Bears ‘open’ to naming rights for Soldier Field, in theory

SHARE Bears ‘open’ to naming rights for Soldier Field, in theory
afp_reporters_37555405.jpg

Soldier Field does not have a naming rights sponsor. (Getty Images)

The Bears would be open to issuing naming rights to Soldier Field in theory, chairman George McCaskey said, though there’s no reason to think it would happen anytime soon.

In an interview with the Sun-Times last week — shortly after the White Sox announced plans to change U.S. Cellular Field to Guaranteed Rate Field — McCaskey said the issue of selling naming rights has “come up from time to time.”

Mayor Richard Daley approved a renaming plan in accordance with Soldier Field’s remodel, but shortly after Sept. 11, 2001, said the field should keep its original name.

McCaskey said the Bears must always be cognizant of its status as a war memorial.

“It was supposed to be part of the reconstruction of Solider Field,” McCaskey said. “It didn’t happen. We’d be open to it.

“We’re sensitive to the fact that our stadium is a war memorial, so we want to be respectful of the men and women in the military, those who have served and will serve.”

The Chicago Park District owns Soldier Field and would make any decision — not the Bears. McCaskey stressed that it wasn’t a front-burner issue for him or the Bears.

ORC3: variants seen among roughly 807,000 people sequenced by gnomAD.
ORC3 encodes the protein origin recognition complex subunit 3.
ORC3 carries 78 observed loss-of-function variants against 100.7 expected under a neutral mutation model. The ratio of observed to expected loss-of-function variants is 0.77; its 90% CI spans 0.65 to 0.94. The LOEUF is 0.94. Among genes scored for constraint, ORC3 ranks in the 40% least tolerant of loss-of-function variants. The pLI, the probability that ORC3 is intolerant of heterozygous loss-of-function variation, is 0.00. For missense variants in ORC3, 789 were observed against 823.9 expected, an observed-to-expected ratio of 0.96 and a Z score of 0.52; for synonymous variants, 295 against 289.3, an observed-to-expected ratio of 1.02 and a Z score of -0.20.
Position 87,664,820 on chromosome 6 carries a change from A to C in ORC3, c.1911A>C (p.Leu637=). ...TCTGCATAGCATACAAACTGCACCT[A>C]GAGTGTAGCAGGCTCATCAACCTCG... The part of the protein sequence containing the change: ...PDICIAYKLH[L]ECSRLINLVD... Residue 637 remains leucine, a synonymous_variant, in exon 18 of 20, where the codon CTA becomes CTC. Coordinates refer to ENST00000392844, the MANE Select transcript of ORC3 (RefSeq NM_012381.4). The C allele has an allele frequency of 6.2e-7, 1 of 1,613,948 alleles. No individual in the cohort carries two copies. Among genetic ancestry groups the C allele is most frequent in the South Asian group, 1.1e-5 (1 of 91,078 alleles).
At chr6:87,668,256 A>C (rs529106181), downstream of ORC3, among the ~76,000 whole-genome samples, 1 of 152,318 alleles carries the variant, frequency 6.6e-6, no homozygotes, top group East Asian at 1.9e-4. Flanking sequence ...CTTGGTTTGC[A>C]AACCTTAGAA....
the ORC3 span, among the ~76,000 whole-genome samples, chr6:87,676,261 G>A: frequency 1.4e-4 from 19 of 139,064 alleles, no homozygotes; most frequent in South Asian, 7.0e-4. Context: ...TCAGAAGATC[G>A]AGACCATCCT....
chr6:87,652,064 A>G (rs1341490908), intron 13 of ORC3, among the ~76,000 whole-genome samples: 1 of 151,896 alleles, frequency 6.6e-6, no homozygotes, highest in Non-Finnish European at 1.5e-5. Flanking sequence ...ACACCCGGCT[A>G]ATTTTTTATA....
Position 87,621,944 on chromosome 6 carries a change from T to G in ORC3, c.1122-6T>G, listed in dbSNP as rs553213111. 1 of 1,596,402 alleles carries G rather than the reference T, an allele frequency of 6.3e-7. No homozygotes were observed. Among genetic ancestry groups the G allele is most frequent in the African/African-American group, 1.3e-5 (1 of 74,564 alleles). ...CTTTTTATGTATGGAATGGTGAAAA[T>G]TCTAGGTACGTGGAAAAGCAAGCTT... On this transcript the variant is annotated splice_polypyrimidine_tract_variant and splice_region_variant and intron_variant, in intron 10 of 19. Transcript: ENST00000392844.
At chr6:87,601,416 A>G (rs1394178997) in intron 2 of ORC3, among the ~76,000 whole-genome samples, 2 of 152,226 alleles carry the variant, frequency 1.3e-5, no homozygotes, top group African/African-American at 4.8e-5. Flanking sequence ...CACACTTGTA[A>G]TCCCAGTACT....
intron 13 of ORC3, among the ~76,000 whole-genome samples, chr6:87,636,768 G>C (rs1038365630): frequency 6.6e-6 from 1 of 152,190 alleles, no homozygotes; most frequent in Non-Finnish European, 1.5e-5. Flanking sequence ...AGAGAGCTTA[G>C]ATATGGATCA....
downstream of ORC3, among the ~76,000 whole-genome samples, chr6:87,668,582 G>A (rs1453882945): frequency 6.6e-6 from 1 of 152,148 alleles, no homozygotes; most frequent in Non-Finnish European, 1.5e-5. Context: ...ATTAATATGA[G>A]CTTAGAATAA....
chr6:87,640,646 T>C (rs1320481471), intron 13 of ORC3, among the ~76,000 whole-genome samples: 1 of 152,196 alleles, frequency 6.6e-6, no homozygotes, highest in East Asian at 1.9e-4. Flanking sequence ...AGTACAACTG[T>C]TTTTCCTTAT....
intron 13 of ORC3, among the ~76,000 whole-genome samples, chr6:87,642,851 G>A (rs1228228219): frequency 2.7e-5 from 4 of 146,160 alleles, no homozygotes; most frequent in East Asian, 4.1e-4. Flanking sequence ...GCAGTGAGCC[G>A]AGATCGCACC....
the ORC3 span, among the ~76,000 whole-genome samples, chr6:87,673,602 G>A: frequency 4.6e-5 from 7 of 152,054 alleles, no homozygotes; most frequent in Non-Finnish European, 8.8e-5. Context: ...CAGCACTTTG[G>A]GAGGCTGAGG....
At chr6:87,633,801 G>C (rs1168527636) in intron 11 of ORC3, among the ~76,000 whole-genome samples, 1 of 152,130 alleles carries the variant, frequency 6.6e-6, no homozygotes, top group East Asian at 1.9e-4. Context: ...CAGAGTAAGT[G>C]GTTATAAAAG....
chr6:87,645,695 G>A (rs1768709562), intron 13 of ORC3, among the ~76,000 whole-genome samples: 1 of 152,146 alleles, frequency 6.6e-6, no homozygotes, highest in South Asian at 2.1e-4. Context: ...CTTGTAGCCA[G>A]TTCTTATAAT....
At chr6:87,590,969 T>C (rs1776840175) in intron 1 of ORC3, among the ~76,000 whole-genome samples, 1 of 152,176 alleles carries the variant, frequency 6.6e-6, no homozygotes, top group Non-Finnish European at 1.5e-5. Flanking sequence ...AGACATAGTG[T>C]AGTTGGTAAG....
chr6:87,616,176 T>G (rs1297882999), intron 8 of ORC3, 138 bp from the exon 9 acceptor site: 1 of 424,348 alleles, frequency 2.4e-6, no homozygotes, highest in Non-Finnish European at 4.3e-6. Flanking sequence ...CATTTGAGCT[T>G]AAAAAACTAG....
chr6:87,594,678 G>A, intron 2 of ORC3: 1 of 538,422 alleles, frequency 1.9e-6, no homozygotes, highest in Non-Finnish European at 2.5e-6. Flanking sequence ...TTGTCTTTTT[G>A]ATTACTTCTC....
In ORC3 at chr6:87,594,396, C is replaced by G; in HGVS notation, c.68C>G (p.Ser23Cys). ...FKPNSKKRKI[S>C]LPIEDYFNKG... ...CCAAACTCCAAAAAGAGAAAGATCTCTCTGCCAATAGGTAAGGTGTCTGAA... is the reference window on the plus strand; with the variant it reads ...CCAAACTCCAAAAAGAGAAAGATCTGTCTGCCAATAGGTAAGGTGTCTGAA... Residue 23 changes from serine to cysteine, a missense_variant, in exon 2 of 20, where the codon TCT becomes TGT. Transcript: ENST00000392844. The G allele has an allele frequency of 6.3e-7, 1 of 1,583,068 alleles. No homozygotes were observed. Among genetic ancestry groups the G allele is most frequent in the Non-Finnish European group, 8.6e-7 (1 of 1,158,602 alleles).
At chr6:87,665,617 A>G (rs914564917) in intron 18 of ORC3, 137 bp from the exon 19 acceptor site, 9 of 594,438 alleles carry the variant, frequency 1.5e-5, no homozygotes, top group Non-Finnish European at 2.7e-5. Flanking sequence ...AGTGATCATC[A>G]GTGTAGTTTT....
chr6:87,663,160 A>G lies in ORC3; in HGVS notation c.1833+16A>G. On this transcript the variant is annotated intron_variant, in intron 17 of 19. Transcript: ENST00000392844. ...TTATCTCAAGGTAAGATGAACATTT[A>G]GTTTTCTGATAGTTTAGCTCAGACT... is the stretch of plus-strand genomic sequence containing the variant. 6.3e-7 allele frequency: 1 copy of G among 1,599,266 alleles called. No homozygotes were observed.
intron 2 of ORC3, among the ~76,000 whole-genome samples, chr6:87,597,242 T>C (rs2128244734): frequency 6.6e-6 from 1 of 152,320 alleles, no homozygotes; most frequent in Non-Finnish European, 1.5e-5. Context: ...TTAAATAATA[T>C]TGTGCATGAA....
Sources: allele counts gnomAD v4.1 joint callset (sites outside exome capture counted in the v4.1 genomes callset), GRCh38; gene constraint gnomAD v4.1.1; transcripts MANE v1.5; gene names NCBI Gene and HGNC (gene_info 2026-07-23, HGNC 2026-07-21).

“I don’t know anything in the works right now,” he said. “It’s a possibility.”

The Latest
And that’s not the only problem at an office where the assistant will make less than the trainee, and the boss is overlooking her main responsibilities.
He’s investing in an insurance brokerage while serving as the General Assembly’s Insurance Committee chairman. That can’t be good for Illinoisans.
The Portage Park restaurant run by a father-son team has grown its menu offerings since opening in 2022 and added a bookstore, selling Polish, Italian, French, Spanish and English books.
This stretch of Michigan Avenue is rebounding post-COVID and adapting to today’s consumers, who crave experiences more than products, writes the managing director of 360CHICAGO.
Doctors used a spinal anesthetic to numb the patient from the chest down, eliminating the use of narcotics and general anesthesia, cutting recovery time. The patient, John Nicholas, was released within 24 hours of the procedure.